2. Bald Head Island
When you board the ferry for the 20-minute ride to Bald Head Island, you leave your car behind, along with the stress of the mainland world. Golf carts, bikes, and your own two feet are the way to get around on Bald Head Island. Stroll 14 miles of pristine beaches, try your luck on the acclaimed seaside golf course, or just kick back on the porch of a cottage overlooking the Atlantic. Visit the oldest lighthouse in the state, “Old Baldy,” Smith Museum, take a ghost walk, or just enjoy the beach, shopping and food!
3. Coquina Beach
Coquina Beach is named after the colorful coquina clams that are commonly spotted along the ocean wash of the Outer Banks, and can appear in abundance in the warm spring and summer months. This beach features golden sand dunes and is home to the shipwreck of Laura Barnes, a 4-masted schooner that was blown off-course from Maine in 1921. Coquina Beach is ideal for those who like to look for shells, surf, swim, fish, and birdwatch. Located just south of Nags Head, Coquina Beach is a refreshingly undeveloped stretch of shoreline that’s close to the central Outer Banks towns of Kill Devil Hills, Nags Head, and Kitty Hawk, but feels like it’s miles away. Coquina Beach is located along NC Highway 12, approximately 8 miles south of the Nags Head town borders, and is part of the Cape Hatteras National Seashore. As a result, the beach is completely free of commercial development, allowing beach-goers to enjoy endless stretches of sand from the ocean to the natural dune line. And the only way there is by walking or via 4 wheel drive.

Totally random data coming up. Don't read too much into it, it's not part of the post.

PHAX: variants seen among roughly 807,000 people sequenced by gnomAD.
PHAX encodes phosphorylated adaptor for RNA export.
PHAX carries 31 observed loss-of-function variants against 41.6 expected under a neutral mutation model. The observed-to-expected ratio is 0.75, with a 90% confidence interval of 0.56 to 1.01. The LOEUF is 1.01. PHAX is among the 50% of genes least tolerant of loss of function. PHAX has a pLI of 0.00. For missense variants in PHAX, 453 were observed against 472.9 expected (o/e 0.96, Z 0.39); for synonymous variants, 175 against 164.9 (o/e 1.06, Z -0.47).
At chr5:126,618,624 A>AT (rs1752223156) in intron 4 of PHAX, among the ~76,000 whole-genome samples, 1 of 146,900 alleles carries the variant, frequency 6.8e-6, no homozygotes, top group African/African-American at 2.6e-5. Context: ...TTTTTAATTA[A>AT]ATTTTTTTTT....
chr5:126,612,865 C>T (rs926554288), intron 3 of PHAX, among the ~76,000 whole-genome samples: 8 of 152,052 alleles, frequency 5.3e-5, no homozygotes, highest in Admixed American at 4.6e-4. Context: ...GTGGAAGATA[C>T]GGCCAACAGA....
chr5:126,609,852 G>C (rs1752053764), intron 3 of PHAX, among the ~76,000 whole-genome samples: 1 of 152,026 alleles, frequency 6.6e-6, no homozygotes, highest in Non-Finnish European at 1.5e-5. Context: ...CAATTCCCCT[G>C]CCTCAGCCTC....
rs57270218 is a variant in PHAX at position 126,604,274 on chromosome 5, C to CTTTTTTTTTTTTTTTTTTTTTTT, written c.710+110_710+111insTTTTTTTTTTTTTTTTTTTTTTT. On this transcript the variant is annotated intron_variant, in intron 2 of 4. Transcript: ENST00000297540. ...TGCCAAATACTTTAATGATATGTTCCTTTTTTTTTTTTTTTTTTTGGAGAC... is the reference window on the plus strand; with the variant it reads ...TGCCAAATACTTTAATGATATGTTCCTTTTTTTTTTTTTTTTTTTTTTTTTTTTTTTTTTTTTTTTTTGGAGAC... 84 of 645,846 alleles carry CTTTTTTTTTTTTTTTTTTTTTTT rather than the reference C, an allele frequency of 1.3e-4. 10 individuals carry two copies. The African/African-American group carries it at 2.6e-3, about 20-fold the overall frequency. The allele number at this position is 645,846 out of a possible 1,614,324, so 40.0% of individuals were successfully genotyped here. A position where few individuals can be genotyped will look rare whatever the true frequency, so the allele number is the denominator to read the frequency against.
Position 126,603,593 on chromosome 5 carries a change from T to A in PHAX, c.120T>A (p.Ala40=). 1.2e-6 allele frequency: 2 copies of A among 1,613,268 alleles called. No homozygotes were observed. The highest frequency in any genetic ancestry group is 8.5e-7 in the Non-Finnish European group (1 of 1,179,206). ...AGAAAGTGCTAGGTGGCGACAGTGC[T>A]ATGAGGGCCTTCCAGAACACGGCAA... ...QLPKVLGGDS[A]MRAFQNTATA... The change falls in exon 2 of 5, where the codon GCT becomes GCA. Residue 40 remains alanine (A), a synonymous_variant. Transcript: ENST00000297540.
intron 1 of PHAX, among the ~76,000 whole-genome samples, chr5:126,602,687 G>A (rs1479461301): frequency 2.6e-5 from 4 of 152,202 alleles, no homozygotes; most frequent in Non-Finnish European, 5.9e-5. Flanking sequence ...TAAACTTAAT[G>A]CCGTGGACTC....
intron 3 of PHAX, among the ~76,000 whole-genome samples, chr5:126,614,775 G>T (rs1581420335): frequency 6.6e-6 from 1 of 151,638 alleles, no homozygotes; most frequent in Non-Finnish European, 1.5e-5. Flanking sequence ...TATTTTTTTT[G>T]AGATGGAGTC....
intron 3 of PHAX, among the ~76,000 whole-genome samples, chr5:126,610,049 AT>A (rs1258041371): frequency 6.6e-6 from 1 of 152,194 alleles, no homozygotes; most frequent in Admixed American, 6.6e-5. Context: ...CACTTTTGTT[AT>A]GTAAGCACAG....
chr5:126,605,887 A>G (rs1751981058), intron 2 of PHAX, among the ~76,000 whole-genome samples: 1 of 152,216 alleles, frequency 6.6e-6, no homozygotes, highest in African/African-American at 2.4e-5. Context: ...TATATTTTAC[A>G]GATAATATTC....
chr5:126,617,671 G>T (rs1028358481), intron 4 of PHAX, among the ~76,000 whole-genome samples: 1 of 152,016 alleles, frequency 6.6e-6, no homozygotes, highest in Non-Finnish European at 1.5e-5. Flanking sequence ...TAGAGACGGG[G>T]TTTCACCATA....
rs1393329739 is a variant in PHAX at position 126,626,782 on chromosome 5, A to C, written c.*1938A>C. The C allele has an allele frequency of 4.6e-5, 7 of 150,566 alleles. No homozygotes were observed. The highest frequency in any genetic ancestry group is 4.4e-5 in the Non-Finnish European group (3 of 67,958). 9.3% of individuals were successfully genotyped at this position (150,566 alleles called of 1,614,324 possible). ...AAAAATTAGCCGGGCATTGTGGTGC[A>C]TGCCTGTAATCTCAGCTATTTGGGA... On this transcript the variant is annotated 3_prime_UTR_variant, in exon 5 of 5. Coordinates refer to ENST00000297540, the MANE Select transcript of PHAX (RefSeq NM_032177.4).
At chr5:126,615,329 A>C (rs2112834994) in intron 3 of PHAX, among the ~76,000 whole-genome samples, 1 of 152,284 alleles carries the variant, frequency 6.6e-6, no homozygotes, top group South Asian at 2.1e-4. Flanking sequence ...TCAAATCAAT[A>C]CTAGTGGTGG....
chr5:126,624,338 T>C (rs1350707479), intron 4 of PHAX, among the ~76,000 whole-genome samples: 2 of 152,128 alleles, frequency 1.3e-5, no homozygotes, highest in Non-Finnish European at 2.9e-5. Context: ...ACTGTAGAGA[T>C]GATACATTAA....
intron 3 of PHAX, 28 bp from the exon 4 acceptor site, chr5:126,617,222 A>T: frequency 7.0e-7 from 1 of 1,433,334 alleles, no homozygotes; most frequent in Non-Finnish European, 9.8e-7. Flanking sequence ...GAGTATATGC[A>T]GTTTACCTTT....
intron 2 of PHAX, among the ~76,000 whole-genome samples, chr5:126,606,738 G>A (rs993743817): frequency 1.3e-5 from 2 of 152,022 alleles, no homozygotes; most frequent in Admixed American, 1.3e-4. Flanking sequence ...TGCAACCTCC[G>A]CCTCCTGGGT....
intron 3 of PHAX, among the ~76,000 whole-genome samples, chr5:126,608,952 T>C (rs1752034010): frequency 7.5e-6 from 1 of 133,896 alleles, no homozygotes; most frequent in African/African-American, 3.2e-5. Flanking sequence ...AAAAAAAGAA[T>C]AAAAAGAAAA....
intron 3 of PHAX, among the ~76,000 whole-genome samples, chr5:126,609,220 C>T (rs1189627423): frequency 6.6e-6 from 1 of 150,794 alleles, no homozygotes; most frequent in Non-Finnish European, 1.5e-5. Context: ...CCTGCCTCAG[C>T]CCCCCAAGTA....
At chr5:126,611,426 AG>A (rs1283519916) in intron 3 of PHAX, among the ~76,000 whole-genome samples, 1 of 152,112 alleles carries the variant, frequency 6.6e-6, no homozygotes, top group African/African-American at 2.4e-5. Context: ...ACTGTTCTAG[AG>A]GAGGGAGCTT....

4. Harkers Island
This marshy region in Carteret County is known as “Down East” and has a total of only 3.8-square miles, (1.3-square miles is water) but it’s big on charm and beauty. Harker’s Island is a day trip away from Beaufort, Atlantic Beach, and Emerald Isle adventures.